May 25 - 31, 2014: Issue 164
Pittwater Parish Schools Celebrate Timor Leste Independence Day
Pittwater Parish Schools Celebrate Timor Leste Independence
By Tamara Sloper Harding
“Water is life, sanitation is dignity” - Roberto Lenton
May is a very special month for Pittwater’s sister village of Soibada in Timor Leste (East Timor). Gaining independence has been a long process and 20 May is Timor-Leste Independence Day - a day of great celebration for all Timorese. It is a day on which they remember the sacrifices of their brothers and sisters, sons and daughters, and celebrate the liberation for which they fought and the independence they won from Indonesian rule. This small island nation of 1.2 million people was taken over by Indonesia soon after it was granted independence from Portugal in 1975.
After 24 years of struggle against illegal occupation, the decades of brutal and bloody treatment killed off nearly one-third of Timor-Leste's population. In 1999, Timor Leste pursued a UN-sponsored act of self-determination. After three years of United Nations governance, they finally achieved democratic self-government on May 20, 2002 and became the first new sovereign state of the twenty-first century.
This week both Pittwater Parish Primary schools, Sacred Heart at Mona Vale and Maria Regina in Avalon, held special events to commemorate 12 years of Independence in Timor Leste and in particular their sister schools in Soibada. Water and the importance of clean safe drinking water was the focus. Water is the essence of life, a resource second in importance only to oxygen.
Nearly two thirds of the population of Timor Leste live in rural areas. There is either no or very limited access to safe drinking water. In 1999 when an overwhelming majority of East Timorese voted for independence from Indonesia it led to violent opposition. Much of East Timor’s infrastructure was destroyed including water supply infrastructure. Exacerbating this situation was the already degraded state of rural water supply systems due to inadequate design, poor construction and low quality materials. Militia opposing East Timor independence killed pro-independence supporters and threw bodies in the water wells, further contaminating the country’s supply of clean drinking water.
The children at our local schools learnt about the daily struggle their friends in Soibada face just to have water to cook, wash and drink. They appreciated how very lucky we are here in Australia. We are able to leave a tap running or have a shower longer than we need. We have so much more clean water than people in Timor Leste where water-born diseases are rife. Water related diseases, such as diarrhoea, malaria, and dengue fever represent some of the most common childhood illnesses in East Timor and are significant contributing factors towards the high infant mortality rate of 126 per 1000 live births. Access to safe water and proper sanitation will help prevent these water-born diseases. The people of Timor need a water and waste system that works throughout the country. Here in Pittwater we will do what we can to make a difference in Soibada.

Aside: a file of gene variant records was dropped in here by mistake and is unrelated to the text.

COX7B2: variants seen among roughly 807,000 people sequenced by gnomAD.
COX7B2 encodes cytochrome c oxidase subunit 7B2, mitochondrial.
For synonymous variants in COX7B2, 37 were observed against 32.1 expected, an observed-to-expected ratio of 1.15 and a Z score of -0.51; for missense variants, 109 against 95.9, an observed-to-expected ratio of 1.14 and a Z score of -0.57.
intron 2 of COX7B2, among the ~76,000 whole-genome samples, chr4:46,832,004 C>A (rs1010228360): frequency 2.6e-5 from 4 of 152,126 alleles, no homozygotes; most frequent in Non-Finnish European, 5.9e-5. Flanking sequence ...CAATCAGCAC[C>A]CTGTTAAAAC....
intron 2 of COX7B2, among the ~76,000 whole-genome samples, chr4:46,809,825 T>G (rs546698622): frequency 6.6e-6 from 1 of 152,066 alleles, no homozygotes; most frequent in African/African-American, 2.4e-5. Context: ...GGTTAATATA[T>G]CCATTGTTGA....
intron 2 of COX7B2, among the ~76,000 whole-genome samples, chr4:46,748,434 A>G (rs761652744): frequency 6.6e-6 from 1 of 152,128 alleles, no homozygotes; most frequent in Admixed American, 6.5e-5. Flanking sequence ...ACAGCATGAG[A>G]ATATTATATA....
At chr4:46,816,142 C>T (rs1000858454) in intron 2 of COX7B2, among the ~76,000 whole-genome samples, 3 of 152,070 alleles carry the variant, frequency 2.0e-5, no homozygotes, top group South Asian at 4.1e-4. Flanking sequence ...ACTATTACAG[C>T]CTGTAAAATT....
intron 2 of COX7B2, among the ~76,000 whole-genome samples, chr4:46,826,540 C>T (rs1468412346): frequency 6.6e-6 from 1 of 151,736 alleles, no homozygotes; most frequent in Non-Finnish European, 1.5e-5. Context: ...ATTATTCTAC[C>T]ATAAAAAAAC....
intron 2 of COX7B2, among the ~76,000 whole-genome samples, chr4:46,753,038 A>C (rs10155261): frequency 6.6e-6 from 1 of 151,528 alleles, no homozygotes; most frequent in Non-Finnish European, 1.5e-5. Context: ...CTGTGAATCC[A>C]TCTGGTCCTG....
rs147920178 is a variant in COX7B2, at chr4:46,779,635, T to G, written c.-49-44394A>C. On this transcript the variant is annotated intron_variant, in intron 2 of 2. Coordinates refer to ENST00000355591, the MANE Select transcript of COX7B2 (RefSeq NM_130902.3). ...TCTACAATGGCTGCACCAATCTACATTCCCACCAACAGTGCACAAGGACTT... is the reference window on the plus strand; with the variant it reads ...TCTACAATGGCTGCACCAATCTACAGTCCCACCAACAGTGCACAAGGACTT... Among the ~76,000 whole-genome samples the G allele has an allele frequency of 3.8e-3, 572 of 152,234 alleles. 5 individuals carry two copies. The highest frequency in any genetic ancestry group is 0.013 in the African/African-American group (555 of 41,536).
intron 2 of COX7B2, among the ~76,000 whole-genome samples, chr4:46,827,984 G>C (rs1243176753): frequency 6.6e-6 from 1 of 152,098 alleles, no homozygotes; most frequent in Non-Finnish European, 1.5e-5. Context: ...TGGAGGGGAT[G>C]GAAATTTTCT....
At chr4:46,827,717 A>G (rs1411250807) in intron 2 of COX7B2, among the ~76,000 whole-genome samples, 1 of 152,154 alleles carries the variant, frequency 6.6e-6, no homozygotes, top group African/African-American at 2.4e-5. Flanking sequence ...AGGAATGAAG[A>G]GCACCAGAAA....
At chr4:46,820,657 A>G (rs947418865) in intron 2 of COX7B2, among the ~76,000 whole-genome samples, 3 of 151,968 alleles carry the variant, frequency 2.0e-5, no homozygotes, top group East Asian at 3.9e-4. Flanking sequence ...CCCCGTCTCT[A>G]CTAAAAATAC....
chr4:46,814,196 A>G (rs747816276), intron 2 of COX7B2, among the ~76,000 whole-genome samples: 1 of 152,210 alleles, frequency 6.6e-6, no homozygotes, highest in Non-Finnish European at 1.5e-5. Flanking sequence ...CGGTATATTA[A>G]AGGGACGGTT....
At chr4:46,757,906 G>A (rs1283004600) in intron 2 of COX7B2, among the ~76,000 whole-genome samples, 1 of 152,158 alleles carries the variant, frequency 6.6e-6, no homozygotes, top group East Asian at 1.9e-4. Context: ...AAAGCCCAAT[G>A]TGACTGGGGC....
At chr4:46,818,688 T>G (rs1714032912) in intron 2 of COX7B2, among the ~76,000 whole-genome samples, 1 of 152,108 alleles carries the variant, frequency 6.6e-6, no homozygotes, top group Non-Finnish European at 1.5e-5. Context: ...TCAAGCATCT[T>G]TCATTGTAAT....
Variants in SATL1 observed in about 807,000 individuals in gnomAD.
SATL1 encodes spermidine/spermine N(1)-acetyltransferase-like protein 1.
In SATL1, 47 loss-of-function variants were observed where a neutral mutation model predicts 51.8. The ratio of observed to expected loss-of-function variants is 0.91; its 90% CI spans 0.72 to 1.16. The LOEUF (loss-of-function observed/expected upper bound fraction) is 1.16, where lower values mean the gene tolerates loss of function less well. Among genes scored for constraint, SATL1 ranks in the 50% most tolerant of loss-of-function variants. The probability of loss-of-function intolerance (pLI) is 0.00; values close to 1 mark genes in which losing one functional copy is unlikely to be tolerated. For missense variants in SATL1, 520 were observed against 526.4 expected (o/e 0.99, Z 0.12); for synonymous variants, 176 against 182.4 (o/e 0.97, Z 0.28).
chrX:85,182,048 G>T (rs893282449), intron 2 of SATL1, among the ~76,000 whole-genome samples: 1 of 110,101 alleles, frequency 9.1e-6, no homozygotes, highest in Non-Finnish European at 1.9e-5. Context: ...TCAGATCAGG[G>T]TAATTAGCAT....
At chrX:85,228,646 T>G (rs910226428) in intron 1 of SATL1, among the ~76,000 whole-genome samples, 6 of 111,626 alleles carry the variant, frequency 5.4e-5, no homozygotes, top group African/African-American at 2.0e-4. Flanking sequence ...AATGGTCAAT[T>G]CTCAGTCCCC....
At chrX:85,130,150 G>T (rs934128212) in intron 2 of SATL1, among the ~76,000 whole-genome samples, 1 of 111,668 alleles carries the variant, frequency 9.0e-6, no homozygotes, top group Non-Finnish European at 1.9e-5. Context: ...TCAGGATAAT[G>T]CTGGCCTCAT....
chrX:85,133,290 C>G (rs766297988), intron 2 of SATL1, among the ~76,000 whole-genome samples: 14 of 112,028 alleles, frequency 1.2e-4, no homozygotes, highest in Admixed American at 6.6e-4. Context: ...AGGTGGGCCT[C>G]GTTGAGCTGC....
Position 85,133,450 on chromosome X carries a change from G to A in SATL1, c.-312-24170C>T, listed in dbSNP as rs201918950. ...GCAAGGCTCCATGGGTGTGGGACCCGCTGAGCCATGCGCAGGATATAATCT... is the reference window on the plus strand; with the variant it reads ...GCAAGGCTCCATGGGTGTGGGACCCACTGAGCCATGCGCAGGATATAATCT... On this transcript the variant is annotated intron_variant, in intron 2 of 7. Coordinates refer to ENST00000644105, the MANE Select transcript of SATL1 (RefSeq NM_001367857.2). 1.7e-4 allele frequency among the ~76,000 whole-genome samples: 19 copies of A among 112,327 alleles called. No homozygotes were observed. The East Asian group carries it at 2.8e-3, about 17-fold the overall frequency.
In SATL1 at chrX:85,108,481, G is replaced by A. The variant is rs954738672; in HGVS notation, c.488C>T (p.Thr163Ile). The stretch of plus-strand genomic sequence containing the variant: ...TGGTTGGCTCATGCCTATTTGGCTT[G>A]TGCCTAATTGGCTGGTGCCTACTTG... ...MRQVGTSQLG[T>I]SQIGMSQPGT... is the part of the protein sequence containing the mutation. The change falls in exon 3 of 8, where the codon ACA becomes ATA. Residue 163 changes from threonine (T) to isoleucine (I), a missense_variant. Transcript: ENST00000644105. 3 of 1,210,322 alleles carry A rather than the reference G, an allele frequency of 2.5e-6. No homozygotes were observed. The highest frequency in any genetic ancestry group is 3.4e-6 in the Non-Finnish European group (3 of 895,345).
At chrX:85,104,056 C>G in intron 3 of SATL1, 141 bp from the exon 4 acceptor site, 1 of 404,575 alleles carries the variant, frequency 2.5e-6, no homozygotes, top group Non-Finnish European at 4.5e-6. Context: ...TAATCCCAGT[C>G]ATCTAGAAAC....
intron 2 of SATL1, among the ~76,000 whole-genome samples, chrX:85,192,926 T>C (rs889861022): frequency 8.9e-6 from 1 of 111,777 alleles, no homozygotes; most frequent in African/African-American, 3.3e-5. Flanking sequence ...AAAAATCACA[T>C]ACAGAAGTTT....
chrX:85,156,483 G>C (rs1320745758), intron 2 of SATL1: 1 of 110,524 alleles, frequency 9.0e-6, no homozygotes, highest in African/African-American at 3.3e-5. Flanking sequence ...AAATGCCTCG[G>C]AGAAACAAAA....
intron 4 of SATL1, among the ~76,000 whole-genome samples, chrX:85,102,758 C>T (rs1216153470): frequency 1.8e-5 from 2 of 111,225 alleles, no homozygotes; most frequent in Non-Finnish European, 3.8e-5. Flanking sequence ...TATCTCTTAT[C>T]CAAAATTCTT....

In addition, there is limited access to education which means there is little hygiene knowledge within the community. Many people don't understand about germs, or the benefits of washing hands and other basic hygiene practices. For example; a person further up a stream may use it for washing himself or his clothes then it flows down hill and someone else drinks it or cooks with it. Each day the children of Soibada have to walk to the river to collect water for their families. One flush of our toilet is more water than a family has in Soibada for the whole day.
In these two Pittwater Schools, Timor Day commenced with a liturgy and beautiful prayers composed by the children. Rob Romer, of TankPro, who travels to Soibada regularly, demonstrated his Tank Pro device that cleans the water to make it germ free. He has already installed one in the tank at Sacred Heart’s sister school in Tasi Fatin in Soibada. The children raised enough money this week to put in a tank, guttering system and a TankPro in Somoro School in central Soibada. At Maria Regina the children did a water audit and carried their water to the classrooms in jerry cans – to gain a small insight into the hassles of no taps and running water! There were fundraising stalls and rainbow band club!
The colours of the Timor Flag were prominent as Sacred Heart students dressed in Red, Yellow and Black. It is important to remember what the colours in the flag stand for. The flag has a yellow triangle and a black triangle. In the centre of the black triangle of the Timor Leste flag, there is a white five-pointed star. The yellow triangle stands for the traces of colonialism in Timor Leste's History, and the black triangle represents the dissimulation that needs to be conquered. The red background of the Timor Leste flag represents the struggle for national freedom of Timor Leste. The five pointed white star represents peace.
A huge thank you to all the students, staff and families of Sacred Heart and Maria Regina Schools, who are making sustainable development possible and saving lives in our sister parish of Soibada.
Pittwater Friends of Soibada Members will be heading back to Soibada in July, with 3 fundraisers listed in our Events page to further this great work.
Report by Tamara Sloper Harding - Photos by Peta Wise and Tamara Sloper Harding, 2014.